January 24, 2013 Book Club blog by Cindy Bushey
The book opens with a young female slave sprinting for freedom, determined to find that elusive something, the yearning for which burns inside her like a flame. Her desperation is apparent with each gasping breath, her fear of pursuit evident with each glance she flings over her shoulder. Sounds like a promising opening sure to grab and hold the reader’s attention, right? Unfortunately, in the opinion ofZion’s readers, the prologue of The Loom by Sheila Gillus might be the best part of the book!
The slave girlLydia, through some unexplained genetic quirk, is light skinned. So light, in fact, that at the urging of her friend, the master’s daughter, she passes herself off as white. Denied freedom by running, she determines to find it by inserting herself into the world of white people. But she is torn by her ties to John, the slave she comes to love, and to her black family. Her failing grandmother dwells in the loom room, one final way for aging slaves to pay their way on a plantation by weaving fabric from the cotton crop before they succumb to death. After the brutal, capricious murder of her father, even John’s love, deep and encompassing as it is, cannot hold her on the plantation. So she embarks on her journey with no concrete plans and no funds, ending on a neighboring plantation where she tries to keep her ruse alive.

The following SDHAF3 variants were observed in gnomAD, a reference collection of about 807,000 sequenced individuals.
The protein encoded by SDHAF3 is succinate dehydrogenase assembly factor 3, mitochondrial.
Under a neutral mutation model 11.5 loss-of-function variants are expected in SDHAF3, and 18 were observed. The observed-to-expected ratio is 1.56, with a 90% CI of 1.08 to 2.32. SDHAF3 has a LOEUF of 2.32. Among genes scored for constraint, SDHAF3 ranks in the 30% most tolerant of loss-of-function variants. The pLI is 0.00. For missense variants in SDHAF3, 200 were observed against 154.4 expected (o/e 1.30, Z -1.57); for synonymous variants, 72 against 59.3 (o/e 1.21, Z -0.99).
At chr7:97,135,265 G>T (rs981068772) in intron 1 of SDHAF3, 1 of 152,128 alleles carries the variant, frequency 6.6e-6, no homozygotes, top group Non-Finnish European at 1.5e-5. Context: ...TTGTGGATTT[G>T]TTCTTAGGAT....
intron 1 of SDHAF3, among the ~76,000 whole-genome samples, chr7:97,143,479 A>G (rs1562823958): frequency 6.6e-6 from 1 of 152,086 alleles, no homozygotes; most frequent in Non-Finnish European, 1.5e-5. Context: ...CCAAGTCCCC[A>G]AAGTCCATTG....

While the tensions necessary for a good story were there (love vs. freedom, white vs. black), Ms. Gillus failed to fully develop their potential. Zion’s readers found the story to be disjointed and the characters one-dimensional. In general, the characters did not inspire an emotional response from our readers or any particular empathy for their dilemmas. There were too many threads to the story which the author wove in for a brief time and then dropped. Stereotypes abounded of the tyrannical plantation owners and their managers, their powerless wives, the abject poverty of the slaves, but their trials never pulled our readers into the fabric of their lives. Even after reading her explanations in the acknowledgements at the end of the book, we did not appreciate the symbolism of the loom or one character’s rotting tooth. In fact, many of us forced ourselves to finish the book, having become totally bored withLydia’s “do I go back to John, do I marry the plantation owner” question. We just wanted the story to be over and done. Perhaps our mood did not allow us to enjoy the fairy tale conclusion employed by the author whereby ever-faithful John was miraculously the key to the freedomLydiasought.
Hopefully, since this is Ms. Gillus’s first novel, she has better stories ahead of her. As one reader with editorial experience opined, “how did this get into print?” Maybe we readers are just a really tough crowd, or we are making unjust comparisons to novels such as The Help or The Kitchen House. Whatever the reasons, it will come as no surprise that The Loom received one neutral vote, seven 1-thumb down votes, and two 2-thumbs down votes. Our next selection will be Cutting For Stone, and we invite readers of this column to read along with us.